Detection and significance of focal, interictal, slow-wave activity visualized by magnetoencephalography for localization of a primary epileptogenic region

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Object. Magnetoencephalography (MEG) is a novel noninvasive diagnostic tool used to determine preoperatively the location of the epileptogenic zone in patients with epilepsy. The presence of focal slowing of activity recorded by electroencephalography (EEG) is an additional indicator of an underlying pathological condition in cases of intractable mesial temporal lobe epilepsy (MTLE). In the present study the authors examined the significance of focal, slow-wave and interictal spike activity detected using MEG in 29 patients who suffered from MTLE that was not associated with structural brain lesions.

Methods. All patients underwent resective surgery after MEG and EEG monitoring. Equivalent single-dipole modeling was applied to focal low-frequency magnetic activity (LFMA) and interictal paroxysmal activity. Lateralized LFMA was defined as trains of rhythmic activity over the temporal area, with frequencies lower than 7 Hz, which were easily distinguished from background activity.

Lateralized LFMA was found in 17 patients (58.6%); it always occurred on the side ipsilateral to the side of resection and displayed a maximum amplitude over the temporal area. Dipolar sources of magnetic flux computed during slow-wave trains were found in the majority of cases in the posterior superior temporal region and, occasionally, in mesial temporal structures that were subsequently resected. With respect to lateralization there was never disagreement between LFMA and MEG interictal spike sources. Thus, in patients with MTLE that is not associated with a mass lesion LFMA is topographically related to the epileptogenic area and, therefore, has value for reliable determination of the side and, possibly, the location of this area.

Conclusions. Although focal slowing of EEG background activity is generally considered to be a nonspecific sign of functional disturbance, interictal LFMA in patients with MTLE should be conceptualized as a distinct electrographic phenomenon that is directly related to the epileptogenic abnormality. Analyzing the interictal MEG distribution of LFMA and sharp activity improves the diagnostic utility of MEG in patients with suspected TLE who are undergoing surgical evaluation.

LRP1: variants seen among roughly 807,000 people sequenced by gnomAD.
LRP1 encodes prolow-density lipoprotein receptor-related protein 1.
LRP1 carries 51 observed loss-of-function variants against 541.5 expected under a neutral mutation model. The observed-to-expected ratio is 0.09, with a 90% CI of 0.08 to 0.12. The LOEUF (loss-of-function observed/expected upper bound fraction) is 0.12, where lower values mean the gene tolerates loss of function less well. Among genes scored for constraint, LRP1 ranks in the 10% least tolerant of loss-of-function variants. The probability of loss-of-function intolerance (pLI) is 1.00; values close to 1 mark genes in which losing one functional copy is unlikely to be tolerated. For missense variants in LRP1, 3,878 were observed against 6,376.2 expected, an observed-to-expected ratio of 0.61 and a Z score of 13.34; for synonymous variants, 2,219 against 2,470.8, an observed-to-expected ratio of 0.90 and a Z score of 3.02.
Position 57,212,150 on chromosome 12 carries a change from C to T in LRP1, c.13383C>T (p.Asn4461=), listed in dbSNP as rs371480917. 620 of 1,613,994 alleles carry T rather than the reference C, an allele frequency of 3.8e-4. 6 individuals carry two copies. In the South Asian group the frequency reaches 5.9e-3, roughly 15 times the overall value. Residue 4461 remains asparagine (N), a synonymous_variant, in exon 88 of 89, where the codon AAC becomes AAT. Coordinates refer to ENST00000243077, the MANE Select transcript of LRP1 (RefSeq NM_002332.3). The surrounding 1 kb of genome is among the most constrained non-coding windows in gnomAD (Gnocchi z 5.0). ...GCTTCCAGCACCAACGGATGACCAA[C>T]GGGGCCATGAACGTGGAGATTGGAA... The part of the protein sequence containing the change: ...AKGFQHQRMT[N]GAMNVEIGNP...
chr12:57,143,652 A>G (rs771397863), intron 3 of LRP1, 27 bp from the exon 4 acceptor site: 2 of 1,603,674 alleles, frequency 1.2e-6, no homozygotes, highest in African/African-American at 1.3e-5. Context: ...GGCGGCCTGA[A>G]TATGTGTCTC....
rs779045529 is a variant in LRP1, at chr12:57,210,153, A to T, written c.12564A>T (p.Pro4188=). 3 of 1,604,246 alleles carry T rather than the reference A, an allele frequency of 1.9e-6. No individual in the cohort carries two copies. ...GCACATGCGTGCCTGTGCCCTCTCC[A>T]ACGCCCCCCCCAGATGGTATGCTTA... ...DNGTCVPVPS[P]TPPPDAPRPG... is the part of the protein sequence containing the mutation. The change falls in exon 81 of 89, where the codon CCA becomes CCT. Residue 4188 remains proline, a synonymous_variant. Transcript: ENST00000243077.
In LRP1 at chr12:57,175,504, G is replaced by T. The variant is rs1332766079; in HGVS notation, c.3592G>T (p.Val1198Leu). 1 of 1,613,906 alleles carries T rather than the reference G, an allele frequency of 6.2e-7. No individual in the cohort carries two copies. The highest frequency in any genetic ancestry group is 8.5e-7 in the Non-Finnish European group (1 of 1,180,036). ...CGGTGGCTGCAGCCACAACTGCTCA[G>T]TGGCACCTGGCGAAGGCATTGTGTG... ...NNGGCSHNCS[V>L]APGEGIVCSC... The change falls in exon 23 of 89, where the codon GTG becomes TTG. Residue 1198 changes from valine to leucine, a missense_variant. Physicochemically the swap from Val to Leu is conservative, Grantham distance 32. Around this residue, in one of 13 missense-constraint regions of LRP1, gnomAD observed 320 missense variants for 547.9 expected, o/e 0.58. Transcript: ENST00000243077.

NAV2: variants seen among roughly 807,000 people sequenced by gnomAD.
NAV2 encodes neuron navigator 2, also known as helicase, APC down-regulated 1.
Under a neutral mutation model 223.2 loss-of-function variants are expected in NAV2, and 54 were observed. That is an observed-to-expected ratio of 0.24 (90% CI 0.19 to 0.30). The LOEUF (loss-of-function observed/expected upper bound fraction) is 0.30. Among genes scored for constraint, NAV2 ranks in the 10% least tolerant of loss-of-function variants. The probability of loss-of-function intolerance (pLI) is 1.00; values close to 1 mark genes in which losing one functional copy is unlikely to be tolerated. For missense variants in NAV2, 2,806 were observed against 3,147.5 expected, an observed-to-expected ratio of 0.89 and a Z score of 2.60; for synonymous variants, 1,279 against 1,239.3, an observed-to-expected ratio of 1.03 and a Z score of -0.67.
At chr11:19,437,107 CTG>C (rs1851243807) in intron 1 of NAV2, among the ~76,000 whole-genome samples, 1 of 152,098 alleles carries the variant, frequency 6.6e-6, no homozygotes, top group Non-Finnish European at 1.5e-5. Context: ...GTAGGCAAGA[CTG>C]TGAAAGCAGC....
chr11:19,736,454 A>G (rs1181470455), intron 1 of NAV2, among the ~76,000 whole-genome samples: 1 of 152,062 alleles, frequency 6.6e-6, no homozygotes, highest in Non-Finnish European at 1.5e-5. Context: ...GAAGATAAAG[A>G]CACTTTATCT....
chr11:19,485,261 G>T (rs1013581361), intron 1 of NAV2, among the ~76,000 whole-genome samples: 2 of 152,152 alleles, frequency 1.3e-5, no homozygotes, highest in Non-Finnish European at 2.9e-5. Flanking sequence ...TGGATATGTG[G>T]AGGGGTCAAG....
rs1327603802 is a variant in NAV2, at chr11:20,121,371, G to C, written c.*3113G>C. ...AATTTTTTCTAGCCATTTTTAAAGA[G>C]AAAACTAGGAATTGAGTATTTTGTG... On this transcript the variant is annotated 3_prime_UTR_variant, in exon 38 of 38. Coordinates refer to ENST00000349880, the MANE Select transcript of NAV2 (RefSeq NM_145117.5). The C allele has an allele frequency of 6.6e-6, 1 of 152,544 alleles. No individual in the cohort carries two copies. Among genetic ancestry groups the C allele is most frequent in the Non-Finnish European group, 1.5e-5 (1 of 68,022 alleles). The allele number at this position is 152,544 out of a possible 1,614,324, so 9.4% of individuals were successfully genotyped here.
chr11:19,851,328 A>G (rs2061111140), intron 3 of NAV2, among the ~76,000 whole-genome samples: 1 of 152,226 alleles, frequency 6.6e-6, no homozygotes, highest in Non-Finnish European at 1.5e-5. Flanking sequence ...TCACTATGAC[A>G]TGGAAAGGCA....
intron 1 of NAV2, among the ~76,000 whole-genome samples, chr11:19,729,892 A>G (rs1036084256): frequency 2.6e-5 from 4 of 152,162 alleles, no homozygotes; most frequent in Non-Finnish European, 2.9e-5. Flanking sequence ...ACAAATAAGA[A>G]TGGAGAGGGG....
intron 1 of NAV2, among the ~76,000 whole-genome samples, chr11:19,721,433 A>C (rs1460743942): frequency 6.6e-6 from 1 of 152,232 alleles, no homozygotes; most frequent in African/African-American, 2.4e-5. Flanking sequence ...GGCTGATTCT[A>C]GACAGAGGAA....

Article Information

Address reprint requests to: Hideaki Ishibashi, M.D., Ph.D., Vivian L. Smith Foundation for Neurological Research, Division of Clinical Neurosciences, Department of Neurosurgery, The University of Texas Houston Health Science Center, 6431 Fannin Street, Suite 7.154, Houston, Texas 77030. email: Hideaki.Ishibashi@uth.tmc.edu.

© AANS, except where prohibited by US copyright law.

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Figures

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    Traces obtained simultaneously using MEG over both temporal areas (upper) and EEG in a bipolar montage (lower). A 1- to 70-Hz filter was used. On the left temporal area the MEG recording depicts multiple instances of low-frequency activity with a reversal field polarity, whereas such active areas are less apparent on simultaneous EEG recordings. ECG = electrocardiogram.

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    Traces demonstrating the same waveforms shown in Fig. 1 that were obtained when a different filter (1–7 Hz) was used. Slow-wave activity is much more apparent in the left temporal area.

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    Magnetic resonance images obtained in a patient showing a cluster of ECDs of interictal spike activity (yellow circles) and interictal slow-wave activity (red circles) concentrated mainly on the surface of the upper part of the posterior temporal lobe. Note the localization of slow-wave dipole clusters is slightly deeper than that of the interictal ones. Ant = anterior; post = posterior.

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